The culprit responsible for causing smallpox is the variola virus. The reason it is such a dangerous biological weapon is because it has only existed in military laboratories since the late 1960s. Consequently, we have a whole generation of human beings who have never received a vaccine. The threat looms large because some of the few frozen vials that exist are in the hands of certain individuals with hostile intentions.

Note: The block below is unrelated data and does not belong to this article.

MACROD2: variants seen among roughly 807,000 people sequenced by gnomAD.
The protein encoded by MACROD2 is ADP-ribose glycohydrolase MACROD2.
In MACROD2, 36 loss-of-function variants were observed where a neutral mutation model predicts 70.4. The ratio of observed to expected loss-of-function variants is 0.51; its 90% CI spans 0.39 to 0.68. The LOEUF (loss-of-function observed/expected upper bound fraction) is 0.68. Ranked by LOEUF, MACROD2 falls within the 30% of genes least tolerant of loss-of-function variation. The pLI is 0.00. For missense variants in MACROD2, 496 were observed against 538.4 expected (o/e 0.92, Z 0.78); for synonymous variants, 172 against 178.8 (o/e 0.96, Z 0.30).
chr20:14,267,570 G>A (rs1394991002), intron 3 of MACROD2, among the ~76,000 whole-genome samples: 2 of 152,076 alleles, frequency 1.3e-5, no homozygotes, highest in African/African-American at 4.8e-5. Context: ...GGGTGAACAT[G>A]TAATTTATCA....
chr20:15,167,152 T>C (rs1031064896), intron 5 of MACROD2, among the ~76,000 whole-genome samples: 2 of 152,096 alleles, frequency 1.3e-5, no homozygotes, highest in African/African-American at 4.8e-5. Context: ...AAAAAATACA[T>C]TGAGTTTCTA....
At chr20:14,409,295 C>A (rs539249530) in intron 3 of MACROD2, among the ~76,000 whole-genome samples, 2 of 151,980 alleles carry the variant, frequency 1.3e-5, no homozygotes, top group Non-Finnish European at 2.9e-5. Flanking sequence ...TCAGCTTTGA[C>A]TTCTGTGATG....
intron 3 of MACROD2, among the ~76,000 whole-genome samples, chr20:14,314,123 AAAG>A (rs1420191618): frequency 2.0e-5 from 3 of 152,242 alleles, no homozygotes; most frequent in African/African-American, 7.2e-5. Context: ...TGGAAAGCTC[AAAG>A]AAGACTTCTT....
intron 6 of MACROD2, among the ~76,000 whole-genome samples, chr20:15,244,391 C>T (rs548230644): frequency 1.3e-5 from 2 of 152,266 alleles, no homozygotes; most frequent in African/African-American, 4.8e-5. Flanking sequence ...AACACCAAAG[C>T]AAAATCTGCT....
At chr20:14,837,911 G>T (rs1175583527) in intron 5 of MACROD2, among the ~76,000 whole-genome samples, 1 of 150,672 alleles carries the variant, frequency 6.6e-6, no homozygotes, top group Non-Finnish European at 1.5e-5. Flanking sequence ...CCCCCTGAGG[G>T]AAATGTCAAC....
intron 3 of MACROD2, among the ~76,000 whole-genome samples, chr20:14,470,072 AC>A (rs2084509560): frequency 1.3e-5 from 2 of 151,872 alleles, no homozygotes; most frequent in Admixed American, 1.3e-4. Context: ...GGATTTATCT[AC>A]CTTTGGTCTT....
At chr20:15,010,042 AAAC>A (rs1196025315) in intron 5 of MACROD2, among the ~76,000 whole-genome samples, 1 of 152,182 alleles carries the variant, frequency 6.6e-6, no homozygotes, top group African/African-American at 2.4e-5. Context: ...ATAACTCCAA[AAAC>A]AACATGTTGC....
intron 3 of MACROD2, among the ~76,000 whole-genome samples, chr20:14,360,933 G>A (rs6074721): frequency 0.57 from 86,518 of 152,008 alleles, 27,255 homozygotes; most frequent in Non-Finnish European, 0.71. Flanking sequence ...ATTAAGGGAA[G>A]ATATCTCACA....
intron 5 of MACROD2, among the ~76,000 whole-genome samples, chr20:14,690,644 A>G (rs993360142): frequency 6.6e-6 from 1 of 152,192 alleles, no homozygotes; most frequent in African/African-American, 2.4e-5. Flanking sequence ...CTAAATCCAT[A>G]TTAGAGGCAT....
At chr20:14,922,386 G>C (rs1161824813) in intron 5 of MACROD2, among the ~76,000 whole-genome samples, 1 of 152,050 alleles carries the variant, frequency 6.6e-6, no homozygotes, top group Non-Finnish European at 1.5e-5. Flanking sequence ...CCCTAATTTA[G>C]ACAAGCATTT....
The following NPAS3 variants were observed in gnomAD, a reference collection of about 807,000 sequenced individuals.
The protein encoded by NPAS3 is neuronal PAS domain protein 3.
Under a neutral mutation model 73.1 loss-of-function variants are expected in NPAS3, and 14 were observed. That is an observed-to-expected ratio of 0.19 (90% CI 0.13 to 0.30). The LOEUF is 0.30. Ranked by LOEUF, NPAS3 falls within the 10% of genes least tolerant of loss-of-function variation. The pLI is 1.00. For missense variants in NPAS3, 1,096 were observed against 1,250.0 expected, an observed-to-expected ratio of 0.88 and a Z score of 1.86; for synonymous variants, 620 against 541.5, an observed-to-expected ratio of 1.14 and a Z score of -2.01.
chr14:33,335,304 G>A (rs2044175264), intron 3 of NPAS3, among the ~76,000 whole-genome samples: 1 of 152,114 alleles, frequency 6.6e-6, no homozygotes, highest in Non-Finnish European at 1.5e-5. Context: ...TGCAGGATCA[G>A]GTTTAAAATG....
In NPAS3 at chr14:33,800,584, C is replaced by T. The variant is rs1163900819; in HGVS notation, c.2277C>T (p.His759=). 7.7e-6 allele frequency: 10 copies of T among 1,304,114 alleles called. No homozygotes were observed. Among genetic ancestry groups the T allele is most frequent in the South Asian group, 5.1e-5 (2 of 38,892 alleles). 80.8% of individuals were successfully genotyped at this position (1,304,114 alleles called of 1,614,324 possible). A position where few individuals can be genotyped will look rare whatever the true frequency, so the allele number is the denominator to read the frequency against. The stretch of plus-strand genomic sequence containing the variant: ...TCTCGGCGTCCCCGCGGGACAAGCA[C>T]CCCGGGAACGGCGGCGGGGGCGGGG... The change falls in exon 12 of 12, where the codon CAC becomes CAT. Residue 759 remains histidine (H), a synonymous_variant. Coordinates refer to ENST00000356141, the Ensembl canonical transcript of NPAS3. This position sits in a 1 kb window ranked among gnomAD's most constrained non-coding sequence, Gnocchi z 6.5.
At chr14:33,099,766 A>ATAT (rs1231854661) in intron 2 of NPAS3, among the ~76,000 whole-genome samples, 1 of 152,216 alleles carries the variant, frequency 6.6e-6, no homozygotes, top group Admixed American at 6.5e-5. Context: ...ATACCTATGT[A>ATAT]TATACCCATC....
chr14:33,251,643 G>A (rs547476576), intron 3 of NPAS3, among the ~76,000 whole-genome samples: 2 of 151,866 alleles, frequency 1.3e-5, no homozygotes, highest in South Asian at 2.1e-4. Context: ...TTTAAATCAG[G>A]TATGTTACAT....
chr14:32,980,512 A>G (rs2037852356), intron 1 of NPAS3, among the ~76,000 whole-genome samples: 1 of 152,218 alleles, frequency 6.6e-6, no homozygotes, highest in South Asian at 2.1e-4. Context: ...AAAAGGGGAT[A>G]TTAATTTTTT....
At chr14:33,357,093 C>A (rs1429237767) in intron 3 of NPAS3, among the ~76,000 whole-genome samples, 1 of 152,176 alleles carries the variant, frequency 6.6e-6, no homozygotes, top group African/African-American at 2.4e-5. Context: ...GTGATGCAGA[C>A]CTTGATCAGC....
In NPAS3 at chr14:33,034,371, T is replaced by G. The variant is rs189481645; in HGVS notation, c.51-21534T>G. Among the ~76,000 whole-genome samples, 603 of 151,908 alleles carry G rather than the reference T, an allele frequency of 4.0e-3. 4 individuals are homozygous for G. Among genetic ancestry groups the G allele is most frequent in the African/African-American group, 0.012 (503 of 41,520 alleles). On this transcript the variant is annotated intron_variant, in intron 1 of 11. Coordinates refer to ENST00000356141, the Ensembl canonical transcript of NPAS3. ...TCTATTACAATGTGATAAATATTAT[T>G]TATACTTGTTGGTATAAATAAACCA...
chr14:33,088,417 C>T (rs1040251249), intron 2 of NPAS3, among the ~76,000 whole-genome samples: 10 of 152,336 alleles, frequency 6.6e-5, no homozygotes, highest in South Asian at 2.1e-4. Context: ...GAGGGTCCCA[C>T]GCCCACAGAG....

Smallpox has an insidious onset. During the first two to four days, this disease resembles the flu, with fever and joint and muscle aches. Then the victim breaks out in a rash over the entire body, including the hands and the soles of the feet. One to two weeks later, the rash turns to multiple scabs. The variola is an airborne virus and spreads from person to person via large and small respiratory droplets. Cross-contamination through direct contact can also occur. People with smallpox become contagious at the onset of the rash and remain so for about three weeks until the scabs start to slough.